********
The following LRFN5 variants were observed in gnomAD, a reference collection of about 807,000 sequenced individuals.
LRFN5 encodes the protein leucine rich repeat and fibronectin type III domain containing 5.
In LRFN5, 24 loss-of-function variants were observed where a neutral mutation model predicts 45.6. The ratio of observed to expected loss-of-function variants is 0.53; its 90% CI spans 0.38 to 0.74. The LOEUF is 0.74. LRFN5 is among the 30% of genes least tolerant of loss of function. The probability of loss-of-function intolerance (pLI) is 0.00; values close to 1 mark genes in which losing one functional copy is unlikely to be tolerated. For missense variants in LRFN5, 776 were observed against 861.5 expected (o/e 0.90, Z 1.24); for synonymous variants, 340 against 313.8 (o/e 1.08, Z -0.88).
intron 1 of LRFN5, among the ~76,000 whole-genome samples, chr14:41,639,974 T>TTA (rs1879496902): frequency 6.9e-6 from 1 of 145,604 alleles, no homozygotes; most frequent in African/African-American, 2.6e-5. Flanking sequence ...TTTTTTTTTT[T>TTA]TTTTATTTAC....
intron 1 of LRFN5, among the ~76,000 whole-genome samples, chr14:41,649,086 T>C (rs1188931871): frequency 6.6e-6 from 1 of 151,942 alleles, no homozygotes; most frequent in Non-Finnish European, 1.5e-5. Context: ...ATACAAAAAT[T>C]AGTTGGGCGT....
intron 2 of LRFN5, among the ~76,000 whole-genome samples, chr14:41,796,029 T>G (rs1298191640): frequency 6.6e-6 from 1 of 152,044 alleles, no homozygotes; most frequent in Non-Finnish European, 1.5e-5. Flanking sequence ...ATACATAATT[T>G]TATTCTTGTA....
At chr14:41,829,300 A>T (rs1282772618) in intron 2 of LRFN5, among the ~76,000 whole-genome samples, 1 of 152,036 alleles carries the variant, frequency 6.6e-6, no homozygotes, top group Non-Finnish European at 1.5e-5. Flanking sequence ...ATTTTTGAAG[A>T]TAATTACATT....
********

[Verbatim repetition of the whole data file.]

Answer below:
The following LRFN5 variants were observed in gnomAD, a reference collection of about 807,000 sequenced individuals.
LRFN5 encodes the protein leucine rich repeat and fibronectin type III domain containing 5.
In LRFN5, 24 loss-of-function variants were observed where a neutral mutation model predicts 45.6. The ratio of observed to expected loss-of-function variants is 0.53; its 90% CI spans 0.38 to 0.74. The LOEUF is 0.74. LRFN5 is among the 30% of genes least tolerant of loss of function. The probability of loss-of-function intolerance (pLI) is 0.00; values close to 1 mark genes in which losing one functional copy is unlikely to be tolerated. For missense variants in LRFN5, 776 were observed against 861.5 expected (o/e 0.90, Z 1.24); for synonymous variants, 340 against 313.8 (o/e 1.08, Z -0.88).
intron 1 of LRFN5, among the ~76,000 whole-genome samples, chr14:41,639,974 T>TTA (rs1879496902): frequency 6.9e-6 from 1 of 145,604 alleles, no homozygotes; most frequent in African/African-American, 2.6e-5. Flanking sequence ...TTTTTTTTTT[T>TTA]TTTTATTTAC....
intron 1 of LRFN5, among the ~76,000 whole-genome samples, chr14:41,649,086 T>C (rs1188931871): frequency 6.6e-6 from 1 of 151,942 alleles, no homozygotes; most frequent in Non-Finnish European, 1.5e-5. Context: ...ATACAAAAAT[T>C]AGTTGGGCGT....
intron 2 of LRFN5, among the ~76,000 whole-genome samples, chr14:41,796,029 T>G (rs1298191640): frequency 6.6e-6 from 1 of 152,044 alleles, no homozygotes; most frequent in Non-Finnish European, 1.5e-5. Flanking sequence ...ATACATAATT[T>G]TATTCTTGTA....
At chr14:41,829,300 A>T (rs1282772618) in intron 2 of LRFN5, among the ~76,000 whole-genome samples, 1 of 152,036 alleles carries the variant, frequency 6.6e-6, no homozygotes, top group Non-Finnish European at 1.5e-5. Flanking sequence ...ATTTTTGAAG[A>T]TAATTACATT....